To understand that the just-described replacement process is correct, consider, with reference to FIG. 7, what happens for a request to retrieve ID both for a replacement process P and for some other process P'. If the replacement process has not proceeded to 277 by the time P' orders retrieval of image ID, the process P' retrieval yields VAL and results in a shared lock on ID, forcing P to wait until P'commits. When the library server proceeds to 277 of FIG. 7, the procedure P receives an exclusive lock on ID. Following this, P' has no access to the image being replaced until library server commitment at 282 and, therefore, cannot retrieve an inconsistent value. Because each session is serial, the library server can receive no retrieval requests in P until after step 277 is acknowledged to the client process. Retrieval any time after 277 will yield VAL as described above. For either P or P', if the commitment ordered in step 278 is accomplished, the image representation VAL' will be fetched as long as the alias record exists. Since the overwrite in step 280 occurs before the alias record is deleted in step 281, VAL' will also be fetched after step 281. If step 278 is not executed (for example, through abnormal termination or deliberate transaction abortion) the alias record (ID, ID', LOC') will vanish. The image server record (ID', VAL') and, therefore, also the image VAL' will be inaccessible to any application, and may scavenged by a garbage collector. If step 280 is completed but not step 281, re-execution of step 281 effects no change. If step 281 is execution incompletely, with the catalog entry but not the image store content being erased, the ID' entry in the image store is not accessible to applications. Its space may be reclaimed by garbage collection.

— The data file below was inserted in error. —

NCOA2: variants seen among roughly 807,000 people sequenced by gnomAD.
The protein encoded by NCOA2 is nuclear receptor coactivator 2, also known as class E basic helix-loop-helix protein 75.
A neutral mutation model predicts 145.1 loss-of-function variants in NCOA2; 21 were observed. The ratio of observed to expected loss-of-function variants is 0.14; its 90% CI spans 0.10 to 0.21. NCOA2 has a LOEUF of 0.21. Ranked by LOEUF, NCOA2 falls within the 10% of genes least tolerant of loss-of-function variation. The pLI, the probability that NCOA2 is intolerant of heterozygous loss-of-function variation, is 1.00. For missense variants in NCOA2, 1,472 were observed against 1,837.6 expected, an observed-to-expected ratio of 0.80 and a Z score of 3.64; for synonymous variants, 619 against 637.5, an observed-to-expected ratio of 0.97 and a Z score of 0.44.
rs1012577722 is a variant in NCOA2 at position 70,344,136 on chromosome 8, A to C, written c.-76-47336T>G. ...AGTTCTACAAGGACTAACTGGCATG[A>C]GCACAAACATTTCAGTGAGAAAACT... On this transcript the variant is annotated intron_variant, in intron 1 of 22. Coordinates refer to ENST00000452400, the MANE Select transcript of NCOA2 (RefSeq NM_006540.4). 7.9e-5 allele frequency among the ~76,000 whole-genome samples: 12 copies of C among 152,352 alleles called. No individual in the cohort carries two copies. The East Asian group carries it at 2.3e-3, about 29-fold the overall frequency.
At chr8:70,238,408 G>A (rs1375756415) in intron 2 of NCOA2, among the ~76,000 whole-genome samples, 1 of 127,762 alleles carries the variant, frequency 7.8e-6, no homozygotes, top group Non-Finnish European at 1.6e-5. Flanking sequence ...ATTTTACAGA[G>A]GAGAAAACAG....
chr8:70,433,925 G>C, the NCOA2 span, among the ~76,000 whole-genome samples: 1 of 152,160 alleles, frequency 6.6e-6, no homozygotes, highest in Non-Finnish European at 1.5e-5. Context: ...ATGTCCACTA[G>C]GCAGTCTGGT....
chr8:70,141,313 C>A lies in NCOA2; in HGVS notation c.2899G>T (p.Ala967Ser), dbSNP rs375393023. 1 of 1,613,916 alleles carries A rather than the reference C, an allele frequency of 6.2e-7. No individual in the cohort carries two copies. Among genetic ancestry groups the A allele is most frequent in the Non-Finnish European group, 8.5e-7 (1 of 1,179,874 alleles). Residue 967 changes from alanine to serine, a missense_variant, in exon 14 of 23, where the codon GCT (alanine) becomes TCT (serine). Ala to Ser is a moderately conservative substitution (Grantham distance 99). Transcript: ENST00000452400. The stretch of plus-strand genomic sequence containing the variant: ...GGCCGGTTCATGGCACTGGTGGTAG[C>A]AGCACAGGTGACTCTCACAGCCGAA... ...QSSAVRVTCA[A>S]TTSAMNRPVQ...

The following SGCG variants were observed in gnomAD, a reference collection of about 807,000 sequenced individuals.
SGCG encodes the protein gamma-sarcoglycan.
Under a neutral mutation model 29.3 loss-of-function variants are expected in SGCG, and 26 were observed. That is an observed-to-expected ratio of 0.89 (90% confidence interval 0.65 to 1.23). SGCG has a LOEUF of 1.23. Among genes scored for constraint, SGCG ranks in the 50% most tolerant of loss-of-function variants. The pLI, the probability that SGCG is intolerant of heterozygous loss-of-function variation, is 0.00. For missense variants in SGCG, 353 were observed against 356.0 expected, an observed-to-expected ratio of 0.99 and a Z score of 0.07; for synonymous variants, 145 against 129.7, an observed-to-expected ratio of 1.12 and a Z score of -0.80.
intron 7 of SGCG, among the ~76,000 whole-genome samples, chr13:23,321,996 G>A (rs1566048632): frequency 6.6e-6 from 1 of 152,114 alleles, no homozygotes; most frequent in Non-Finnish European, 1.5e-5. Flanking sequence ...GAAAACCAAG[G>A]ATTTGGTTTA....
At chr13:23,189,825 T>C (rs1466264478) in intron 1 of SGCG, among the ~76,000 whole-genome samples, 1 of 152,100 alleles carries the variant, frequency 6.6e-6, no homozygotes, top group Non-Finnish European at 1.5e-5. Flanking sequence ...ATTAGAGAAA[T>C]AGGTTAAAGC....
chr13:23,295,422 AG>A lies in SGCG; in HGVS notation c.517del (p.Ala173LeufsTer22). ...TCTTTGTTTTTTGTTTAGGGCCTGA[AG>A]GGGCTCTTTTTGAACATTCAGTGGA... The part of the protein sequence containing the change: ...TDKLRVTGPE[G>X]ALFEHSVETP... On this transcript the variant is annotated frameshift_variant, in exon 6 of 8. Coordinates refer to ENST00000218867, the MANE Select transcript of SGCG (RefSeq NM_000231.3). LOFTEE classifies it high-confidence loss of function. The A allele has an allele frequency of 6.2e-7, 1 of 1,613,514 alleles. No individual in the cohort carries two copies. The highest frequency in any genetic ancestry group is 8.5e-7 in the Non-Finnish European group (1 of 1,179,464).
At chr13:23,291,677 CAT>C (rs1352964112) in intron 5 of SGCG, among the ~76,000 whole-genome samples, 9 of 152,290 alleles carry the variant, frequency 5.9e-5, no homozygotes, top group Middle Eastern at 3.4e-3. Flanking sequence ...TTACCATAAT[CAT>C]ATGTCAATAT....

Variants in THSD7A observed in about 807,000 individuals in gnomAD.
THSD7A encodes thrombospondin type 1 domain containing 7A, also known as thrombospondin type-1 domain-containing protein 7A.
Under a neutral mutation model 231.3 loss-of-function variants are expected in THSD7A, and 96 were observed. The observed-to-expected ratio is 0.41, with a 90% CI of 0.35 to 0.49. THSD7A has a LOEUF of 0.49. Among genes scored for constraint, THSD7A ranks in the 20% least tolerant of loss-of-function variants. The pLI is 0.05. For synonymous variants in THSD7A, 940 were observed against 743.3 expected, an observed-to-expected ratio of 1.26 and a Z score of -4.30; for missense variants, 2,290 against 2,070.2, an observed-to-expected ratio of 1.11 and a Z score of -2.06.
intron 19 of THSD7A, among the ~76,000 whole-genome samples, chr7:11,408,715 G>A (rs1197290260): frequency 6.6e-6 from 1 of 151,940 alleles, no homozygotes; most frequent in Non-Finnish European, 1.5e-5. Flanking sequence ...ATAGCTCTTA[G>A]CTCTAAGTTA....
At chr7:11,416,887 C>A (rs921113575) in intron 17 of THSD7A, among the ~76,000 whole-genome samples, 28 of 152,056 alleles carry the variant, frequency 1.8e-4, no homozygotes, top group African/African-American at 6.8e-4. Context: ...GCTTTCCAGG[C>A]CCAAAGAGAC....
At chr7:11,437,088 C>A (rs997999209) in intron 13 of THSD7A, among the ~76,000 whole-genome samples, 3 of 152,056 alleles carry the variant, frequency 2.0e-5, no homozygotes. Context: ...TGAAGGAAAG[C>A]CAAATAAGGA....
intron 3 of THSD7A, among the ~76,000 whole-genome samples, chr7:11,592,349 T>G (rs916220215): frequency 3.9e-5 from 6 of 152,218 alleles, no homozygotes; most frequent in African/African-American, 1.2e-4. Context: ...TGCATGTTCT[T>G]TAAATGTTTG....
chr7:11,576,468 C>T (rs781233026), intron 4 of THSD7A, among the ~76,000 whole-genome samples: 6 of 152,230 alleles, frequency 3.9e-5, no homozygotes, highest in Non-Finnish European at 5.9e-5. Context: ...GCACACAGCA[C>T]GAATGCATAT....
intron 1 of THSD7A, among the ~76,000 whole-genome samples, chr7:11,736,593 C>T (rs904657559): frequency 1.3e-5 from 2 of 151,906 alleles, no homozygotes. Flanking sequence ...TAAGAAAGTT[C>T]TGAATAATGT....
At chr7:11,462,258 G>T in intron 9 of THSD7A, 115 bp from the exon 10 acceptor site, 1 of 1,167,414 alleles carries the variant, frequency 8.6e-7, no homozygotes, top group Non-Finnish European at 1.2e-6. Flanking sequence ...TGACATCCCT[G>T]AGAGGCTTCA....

STORE-TO-STORE COPY PROTOCOL
The store, fetch, discard and replace operations suffice for end application service. An operation to copy from one image store to the other is necessary for library maintenance. Assuming an implementation of store-to-store copy with authorization restricted to privileged clients, the sequence of messages for the procedure is illustrated in FIG. 8.
The procedure involves the following steps:
1. The library client 10 requests that some image identified by IDi be copied to the target image store 21 and that the copy be identified by IDj.
2. The library server 12 orders the target image server 15 to prepare to receive an image denoted by IDj. The target image server 15 readies its image port.
3. The library server 12 orders the image source server 14 to send the image denoted by IDi (which it has ascertained to be stored in image store 20) to the target image server 15.
4. The source image server 14 sends the data to the target image server 15, which is prepared to receive it and knows how to catalog it.
5. The target image server 15 acknowledges receipt to the library server 12 which updates the library catalog table.
6. The target image server acknowledges receipt to the source image server 14.
7. The source image server 14 indicates to the library server 12 that it has completed.
8. The library server 12 indicates to the client that it has completed.
FIG. 8 shows the only failsafe sequence that avoids race conditions. Authenticating tokens (capability and capability') are used to prevent counterfeiting as an extension of what has already been described.